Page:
Bell, January 21, 2020 - By Michael Thacker, Employee Value Proposition (EVP9 of Technology and Innovation - Mobility at CES 2020 is maturing from visionary ideas to practical applications.
The public has begun to accept alternative modes of transportation -- from ride sharing and electric scooters to autonomous driving and air taxis -- as either new norms or soon-to-be realities. Concepts and ideas have evolved into full-scale models and production-ready designs.
Now the various industries are taking the next steps in their development. Companies are thinking about how their individual products or technologies interact with the broader ecosystem, how they can be improved in terms of safety or sustainability, and what regulatory and policy questions need to be answered to move toward broad adoption.
“The air mobility experience is soon to be a practical reality”, said Michael Thacker, EVP of Technology and Innovation at Bell. “Now we have to figure out the appropriate regulation and integration into the infrastructure.”
A little over 20 years ago, hybrid automobiles hit the market, bringing eco-conscious transportation to the masses and to the forefront of cultural considerations. Today, that same mindset is expanding to emerging forms of transportation.
The autonomous driving movement, for example, is clearly concerned with sustainability on the CES show floor as most self-driving displays are dominated by eco-friendly considerations. Older vehicle forms like motorcycles are now integrating electric propulsion as well. And urban air mobility (UAM) is no different, with hardware and software platforms driving toward sustainable solutions, including hybrid and all-electric propulsion, as well as fleet management that optimizes vehicle utilization.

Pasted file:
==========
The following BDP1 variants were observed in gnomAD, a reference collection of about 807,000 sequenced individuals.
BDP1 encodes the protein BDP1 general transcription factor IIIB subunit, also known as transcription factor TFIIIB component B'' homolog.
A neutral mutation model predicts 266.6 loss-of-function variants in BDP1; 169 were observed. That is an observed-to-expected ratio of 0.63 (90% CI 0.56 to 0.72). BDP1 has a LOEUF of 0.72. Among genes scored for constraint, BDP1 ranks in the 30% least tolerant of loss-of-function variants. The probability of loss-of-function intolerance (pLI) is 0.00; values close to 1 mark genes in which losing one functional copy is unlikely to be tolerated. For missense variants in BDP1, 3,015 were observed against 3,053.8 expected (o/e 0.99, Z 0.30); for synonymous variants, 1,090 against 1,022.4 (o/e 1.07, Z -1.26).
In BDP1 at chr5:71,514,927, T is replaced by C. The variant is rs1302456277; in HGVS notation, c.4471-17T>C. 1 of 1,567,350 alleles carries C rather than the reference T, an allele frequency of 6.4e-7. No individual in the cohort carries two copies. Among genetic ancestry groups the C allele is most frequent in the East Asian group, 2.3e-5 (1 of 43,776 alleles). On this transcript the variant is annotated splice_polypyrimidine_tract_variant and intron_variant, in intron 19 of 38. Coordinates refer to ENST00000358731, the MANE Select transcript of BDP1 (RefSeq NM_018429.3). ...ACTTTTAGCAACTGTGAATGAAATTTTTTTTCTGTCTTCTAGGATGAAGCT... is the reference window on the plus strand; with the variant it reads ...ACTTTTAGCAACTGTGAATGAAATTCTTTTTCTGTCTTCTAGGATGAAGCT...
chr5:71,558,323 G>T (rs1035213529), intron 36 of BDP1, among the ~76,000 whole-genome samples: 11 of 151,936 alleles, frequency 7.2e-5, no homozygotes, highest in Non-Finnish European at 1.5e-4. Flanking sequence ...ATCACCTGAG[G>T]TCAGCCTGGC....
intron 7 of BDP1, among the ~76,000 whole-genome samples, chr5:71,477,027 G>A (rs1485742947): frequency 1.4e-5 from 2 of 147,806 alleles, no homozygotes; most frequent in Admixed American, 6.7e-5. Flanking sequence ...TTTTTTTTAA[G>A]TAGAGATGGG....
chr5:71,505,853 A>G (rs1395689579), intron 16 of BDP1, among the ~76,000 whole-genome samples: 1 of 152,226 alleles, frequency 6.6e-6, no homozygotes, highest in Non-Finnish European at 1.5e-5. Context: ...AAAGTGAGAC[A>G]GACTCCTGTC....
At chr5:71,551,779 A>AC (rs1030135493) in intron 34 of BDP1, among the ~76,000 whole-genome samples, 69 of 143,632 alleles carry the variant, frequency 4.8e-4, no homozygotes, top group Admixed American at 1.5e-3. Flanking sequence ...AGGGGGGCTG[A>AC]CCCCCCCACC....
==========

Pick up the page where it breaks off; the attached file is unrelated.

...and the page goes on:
As the public begins to test and adopt emerging transit technologies, both consumers and local governments are clearly concerned with safety. The technologies may have been demonstrated, but they need to work safely and reliably in real-world environments.
In the autonomous driving and mobility as a service (MaaS) spaces, safety is at the top of the priority list and developers are focused on improving technologies like sensors, object and situation identification, machine teaching, navigation, and driver or vehicle monitoring to enhance passenger safety.
And as consumers prepare to enter the skies more casually than ever before with air taxis, developers know they have no margin for error when it comes to safety, consistency of experience and reliability of operations. Technology platforms like Bells’ AerOS flight management system, which tracks vehicle condition with over 300 digital sensors, are key components of ensuring low-risk transportation.
One of the most interesting developments to be observed at CES 2020 is the advent of shared transportation with personalized experiences. While sustainability and affordability continue to drive shared service models for both public and private transportation systems, consumer demand still remains for personal and private experiences in those shared spaces.
Creating shared private experiences will be an interesting conundrum for technologists to tackle as we bring these products and services to market. It appears, however, that many of the innovations, like AR, VR, bio-informatics and AI, that are being developed for other applications can provide near term solution options.
And finally, technologists are now ready to work together. After developing new products in silos for years, these emerging transportation industries are now embracing as partners all the other stakeholders in the system, from city, state and federal agencies to other transportation providers and businesses. For ride sharing services, autonomous vehicles, and aerial vehicles to reach their potential, they must work together seamlessly and fit into the broader smart city infrastructure and ecosystem.
This is why much of the Bell CES booth features a mini smart city, complete with functioning drones taking off from and landing on vertiports positioned on the tops of schools, companies, and airports, operated by an intelligent, integrated fleet management system (AerOS).
And it’s why much of the conversations between technologists and consumers center around policy, regulation and infrastructure. “Frankly, the aircraft is not the hard part,” said Thacker. “We need to ensure the infrastructure and ecosystem are ready for the aircraft to fly and the best way to do that is to engage with communities to help modernize and improve their entire multimodal transportation system.”